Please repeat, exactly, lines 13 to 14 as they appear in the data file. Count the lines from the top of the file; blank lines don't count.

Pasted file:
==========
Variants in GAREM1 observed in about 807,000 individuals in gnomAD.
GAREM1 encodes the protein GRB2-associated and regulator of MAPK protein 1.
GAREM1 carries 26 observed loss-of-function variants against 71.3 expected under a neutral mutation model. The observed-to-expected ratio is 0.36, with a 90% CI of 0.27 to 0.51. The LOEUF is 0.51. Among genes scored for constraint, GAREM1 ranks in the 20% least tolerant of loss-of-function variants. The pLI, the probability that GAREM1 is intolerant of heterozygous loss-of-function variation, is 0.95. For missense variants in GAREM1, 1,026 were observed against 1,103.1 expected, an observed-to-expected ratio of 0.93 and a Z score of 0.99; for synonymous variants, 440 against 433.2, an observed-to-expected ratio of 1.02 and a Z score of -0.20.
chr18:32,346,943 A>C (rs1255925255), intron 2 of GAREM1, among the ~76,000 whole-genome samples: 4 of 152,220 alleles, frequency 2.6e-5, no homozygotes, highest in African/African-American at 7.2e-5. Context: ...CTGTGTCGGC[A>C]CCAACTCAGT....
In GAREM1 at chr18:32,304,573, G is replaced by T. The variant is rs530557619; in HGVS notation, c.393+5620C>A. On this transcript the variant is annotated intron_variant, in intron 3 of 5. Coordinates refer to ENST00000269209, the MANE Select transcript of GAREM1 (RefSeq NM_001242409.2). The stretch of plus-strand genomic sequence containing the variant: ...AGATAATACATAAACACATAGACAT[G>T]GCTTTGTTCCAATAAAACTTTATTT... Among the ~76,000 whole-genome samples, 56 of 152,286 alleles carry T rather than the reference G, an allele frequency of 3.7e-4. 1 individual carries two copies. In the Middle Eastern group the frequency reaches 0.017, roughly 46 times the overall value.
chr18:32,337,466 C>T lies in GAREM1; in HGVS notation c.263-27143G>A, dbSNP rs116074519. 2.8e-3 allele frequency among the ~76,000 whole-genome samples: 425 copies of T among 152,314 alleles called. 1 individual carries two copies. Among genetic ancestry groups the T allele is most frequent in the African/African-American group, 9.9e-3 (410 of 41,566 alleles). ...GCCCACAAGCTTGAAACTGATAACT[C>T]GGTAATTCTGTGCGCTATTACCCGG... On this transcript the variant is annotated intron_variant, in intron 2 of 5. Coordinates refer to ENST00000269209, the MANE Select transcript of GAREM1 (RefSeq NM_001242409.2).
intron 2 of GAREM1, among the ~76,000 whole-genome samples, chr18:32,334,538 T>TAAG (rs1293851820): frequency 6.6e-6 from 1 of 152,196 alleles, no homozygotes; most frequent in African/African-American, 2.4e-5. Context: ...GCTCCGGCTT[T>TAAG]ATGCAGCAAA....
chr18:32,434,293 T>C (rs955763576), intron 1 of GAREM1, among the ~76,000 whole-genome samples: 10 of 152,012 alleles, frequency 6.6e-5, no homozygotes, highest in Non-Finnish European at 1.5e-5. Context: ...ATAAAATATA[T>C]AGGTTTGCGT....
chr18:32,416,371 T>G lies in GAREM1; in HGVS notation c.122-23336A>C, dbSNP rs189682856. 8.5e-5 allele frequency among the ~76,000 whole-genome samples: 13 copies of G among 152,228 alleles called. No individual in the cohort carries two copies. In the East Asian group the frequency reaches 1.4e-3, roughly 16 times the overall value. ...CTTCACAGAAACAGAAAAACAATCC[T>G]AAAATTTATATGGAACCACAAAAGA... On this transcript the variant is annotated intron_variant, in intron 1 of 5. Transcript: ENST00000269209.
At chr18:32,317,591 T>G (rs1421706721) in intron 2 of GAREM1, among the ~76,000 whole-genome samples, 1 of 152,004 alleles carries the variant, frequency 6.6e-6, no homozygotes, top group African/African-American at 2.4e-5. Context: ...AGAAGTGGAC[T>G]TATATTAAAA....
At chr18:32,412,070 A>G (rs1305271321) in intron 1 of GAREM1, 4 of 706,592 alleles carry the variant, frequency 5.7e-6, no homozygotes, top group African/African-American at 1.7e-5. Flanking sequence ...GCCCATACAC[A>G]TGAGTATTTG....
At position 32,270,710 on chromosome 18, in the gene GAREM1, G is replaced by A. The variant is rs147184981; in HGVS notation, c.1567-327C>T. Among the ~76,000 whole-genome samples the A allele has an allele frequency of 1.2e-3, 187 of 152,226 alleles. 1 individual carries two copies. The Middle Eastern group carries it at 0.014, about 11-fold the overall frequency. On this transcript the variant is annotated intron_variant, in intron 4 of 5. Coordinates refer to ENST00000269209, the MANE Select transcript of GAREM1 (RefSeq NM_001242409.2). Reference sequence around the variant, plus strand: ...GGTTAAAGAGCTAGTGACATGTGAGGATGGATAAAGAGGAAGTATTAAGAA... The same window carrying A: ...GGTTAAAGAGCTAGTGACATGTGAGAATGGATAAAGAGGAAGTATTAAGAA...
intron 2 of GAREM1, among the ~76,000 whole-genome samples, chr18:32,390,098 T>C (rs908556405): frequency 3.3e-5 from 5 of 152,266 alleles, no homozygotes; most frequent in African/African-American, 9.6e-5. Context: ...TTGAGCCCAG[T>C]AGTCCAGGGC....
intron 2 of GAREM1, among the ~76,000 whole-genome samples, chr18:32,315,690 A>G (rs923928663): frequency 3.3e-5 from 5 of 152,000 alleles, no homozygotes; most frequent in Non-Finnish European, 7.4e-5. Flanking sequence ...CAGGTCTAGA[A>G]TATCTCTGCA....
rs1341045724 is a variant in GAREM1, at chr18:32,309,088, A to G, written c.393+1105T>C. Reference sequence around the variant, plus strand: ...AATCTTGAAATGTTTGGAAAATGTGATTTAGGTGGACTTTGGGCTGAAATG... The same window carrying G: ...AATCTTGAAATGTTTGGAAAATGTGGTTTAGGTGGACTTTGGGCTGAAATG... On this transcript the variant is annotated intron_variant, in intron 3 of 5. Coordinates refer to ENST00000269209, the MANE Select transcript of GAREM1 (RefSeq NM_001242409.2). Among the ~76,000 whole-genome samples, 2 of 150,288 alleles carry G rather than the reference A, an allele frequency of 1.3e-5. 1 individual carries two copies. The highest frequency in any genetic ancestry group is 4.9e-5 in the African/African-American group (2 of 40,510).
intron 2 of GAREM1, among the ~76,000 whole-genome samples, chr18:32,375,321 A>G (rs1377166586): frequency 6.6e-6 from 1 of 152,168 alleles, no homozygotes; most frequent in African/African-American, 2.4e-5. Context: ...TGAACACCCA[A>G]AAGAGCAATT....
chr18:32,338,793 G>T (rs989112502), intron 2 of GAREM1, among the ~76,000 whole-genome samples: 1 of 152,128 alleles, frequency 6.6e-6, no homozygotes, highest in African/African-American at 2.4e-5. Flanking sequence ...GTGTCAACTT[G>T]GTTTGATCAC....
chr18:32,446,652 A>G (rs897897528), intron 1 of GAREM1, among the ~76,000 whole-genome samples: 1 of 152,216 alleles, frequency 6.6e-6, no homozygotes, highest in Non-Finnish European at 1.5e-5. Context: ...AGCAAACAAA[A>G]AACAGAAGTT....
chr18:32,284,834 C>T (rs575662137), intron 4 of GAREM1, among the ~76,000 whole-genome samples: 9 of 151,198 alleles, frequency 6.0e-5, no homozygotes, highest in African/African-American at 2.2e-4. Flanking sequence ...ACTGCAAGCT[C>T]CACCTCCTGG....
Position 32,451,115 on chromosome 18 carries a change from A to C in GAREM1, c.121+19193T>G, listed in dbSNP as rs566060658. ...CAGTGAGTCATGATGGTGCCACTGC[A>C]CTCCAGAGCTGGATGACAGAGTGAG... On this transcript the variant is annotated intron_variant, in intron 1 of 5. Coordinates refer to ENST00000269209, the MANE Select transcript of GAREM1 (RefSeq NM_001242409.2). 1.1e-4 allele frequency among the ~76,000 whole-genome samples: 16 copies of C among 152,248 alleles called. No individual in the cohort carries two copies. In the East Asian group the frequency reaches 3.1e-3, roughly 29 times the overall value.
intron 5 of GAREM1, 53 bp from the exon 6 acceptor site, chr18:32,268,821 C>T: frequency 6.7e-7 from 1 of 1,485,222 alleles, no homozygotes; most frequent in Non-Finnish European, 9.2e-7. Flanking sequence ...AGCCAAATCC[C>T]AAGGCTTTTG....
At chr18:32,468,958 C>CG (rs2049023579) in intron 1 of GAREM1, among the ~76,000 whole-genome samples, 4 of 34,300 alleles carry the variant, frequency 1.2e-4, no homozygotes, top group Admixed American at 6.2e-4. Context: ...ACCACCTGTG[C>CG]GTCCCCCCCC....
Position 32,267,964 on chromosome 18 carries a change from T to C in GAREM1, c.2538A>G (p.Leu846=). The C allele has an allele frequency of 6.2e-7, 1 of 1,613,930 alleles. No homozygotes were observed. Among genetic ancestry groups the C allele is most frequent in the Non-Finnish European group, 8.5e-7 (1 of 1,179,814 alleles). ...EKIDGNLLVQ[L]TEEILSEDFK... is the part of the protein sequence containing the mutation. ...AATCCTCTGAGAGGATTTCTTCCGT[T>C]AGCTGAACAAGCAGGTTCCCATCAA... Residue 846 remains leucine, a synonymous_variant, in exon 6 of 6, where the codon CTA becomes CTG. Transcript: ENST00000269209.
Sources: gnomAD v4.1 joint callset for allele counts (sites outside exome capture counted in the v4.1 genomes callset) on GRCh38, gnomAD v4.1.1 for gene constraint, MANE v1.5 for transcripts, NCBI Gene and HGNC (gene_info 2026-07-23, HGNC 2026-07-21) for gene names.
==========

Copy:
intron 2 of GAREM1, among the ~76,000 whole-genome samples, chr18:32,390,098 T>C (rs908556405): frequency 3.3e-5 from 5 of 152,266 alleles, no homozygotes; most frequent in African/African-American, 9.6e-5. Context: ...TTGAGCCCAG[T>C]AGTCCAGGGC....
intron 2 of GAREM1, among the ~76,000 whole-genome samples, chr18:32,315,690 A>G (rs923928663): frequency 3.3e-5 from 5 of 152,000 alleles, no homozygotes; most frequent in Non-Finnish European, 7.4e-5. Flanking sequence ...CAGGTCTAGA[A>G]TATCTCTGCA....